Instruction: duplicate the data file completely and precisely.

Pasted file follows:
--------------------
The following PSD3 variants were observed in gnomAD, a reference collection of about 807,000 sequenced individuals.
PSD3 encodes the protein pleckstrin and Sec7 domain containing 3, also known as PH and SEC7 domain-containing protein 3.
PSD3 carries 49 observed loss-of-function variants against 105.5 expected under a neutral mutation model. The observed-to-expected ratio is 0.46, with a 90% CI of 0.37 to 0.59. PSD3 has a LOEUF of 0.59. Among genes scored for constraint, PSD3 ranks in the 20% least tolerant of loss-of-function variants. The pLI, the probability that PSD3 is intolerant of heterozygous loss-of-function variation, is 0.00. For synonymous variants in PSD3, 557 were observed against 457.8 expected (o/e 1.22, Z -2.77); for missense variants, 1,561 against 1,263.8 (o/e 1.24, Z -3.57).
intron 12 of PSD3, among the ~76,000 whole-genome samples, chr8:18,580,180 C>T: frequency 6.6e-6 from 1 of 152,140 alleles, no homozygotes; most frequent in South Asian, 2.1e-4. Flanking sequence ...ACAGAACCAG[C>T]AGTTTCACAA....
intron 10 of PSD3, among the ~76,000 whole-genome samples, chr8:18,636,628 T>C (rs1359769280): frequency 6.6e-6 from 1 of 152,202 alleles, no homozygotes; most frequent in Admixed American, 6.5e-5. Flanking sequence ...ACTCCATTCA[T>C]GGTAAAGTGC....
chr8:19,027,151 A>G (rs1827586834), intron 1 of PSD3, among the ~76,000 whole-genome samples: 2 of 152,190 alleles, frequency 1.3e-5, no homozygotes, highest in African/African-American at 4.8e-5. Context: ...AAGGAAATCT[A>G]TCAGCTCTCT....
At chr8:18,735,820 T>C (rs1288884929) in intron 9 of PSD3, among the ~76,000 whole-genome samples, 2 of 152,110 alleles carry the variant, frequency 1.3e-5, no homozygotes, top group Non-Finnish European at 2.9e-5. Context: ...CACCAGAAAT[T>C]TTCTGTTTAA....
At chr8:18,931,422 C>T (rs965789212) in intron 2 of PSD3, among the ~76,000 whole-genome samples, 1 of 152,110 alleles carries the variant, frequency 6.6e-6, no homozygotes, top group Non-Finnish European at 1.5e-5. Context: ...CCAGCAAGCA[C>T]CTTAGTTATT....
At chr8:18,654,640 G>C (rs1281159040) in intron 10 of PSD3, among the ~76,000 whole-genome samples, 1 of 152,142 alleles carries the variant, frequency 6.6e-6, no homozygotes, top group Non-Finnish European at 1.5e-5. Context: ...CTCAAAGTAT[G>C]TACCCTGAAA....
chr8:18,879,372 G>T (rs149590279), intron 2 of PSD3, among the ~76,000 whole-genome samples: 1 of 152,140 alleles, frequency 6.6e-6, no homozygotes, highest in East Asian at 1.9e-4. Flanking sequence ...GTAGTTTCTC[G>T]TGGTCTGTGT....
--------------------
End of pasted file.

The following PSD3 variants were observed in gnomAD, a reference collection of about 807,000 sequenced individuals.
PSD3 encodes the protein pleckstrin and Sec7 domain containing 3, also known as PH and SEC7 domain-containing protein 3.
PSD3 carries 49 observed loss-of-function variants against 105.5 expected under a neutral mutation model. The observed-to-expected ratio is 0.46, with a 90% CI of 0.37 to 0.59. PSD3 has a LOEUF of 0.59. Among genes scored for constraint, PSD3 ranks in the 20% least tolerant of loss-of-function variants. The pLI, the probability that PSD3 is intolerant of heterozygous loss-of-function variation, is 0.00. For synonymous variants in PSD3, 557 were observed against 457.8 expected (o/e 1.22, Z -2.77); for missense variants, 1,561 against 1,263.8 (o/e 1.24, Z -3.57).
intron 12 of PSD3, among the ~76,000 whole-genome samples, chr8:18,580,180 C>T: frequency 6.6e-6 from 1 of 152,140 alleles, no homozygotes; most frequent in South Asian, 2.1e-4. Flanking sequence ...ACAGAACCAG[C>T]AGTTTCACAA....
intron 10 of PSD3, among the ~76,000 whole-genome samples, chr8:18,636,628 T>C (rs1359769280): frequency 6.6e-6 from 1 of 152,202 alleles, no homozygotes; most frequent in Admixed American, 6.5e-5. Flanking sequence ...ACTCCATTCA[T>C]GGTAAAGTGC....
chr8:19,027,151 A>G (rs1827586834), intron 1 of PSD3, among the ~76,000 whole-genome samples: 2 of 152,190 alleles, frequency 1.3e-5, no homozygotes, highest in African/African-American at 4.8e-5. Context: ...AAGGAAATCT[A>G]TCAGCTCTCT....
At chr8:18,735,820 T>C (rs1288884929) in intron 9 of PSD3, among the ~76,000 whole-genome samples, 2 of 152,110 alleles carry the variant, frequency 1.3e-5, no homozygotes, top group Non-Finnish European at 2.9e-5. Context: ...CACCAGAAAT[T>C]TTCTGTTTAA....
At chr8:18,931,422 C>T (rs965789212) in intron 2 of PSD3, among the ~76,000 whole-genome samples, 1 of 152,110 alleles carries the variant, frequency 6.6e-6, no homozygotes, top group Non-Finnish European at 1.5e-5. Context: ...CCAGCAAGCA[C>T]CTTAGTTATT....
At chr8:18,654,640 G>C (rs1281159040) in intron 10 of PSD3, among the ~76,000 whole-genome samples, 1 of 152,142 alleles carries the variant, frequency 6.6e-6, no homozygotes, top group Non-Finnish European at 1.5e-5. Context: ...CTCAAAGTAT[G>C]TACCCTGAAA....
chr8:18,879,372 G>T (rs149590279), intron 2 of PSD3, among the ~76,000 whole-genome samples: 1 of 152,140 alleles, frequency 6.6e-6, no homozygotes, highest in East Asian at 1.9e-4. Flanking sequence ...GTAGTTTCTC[G>T]TGGTCTGTGT....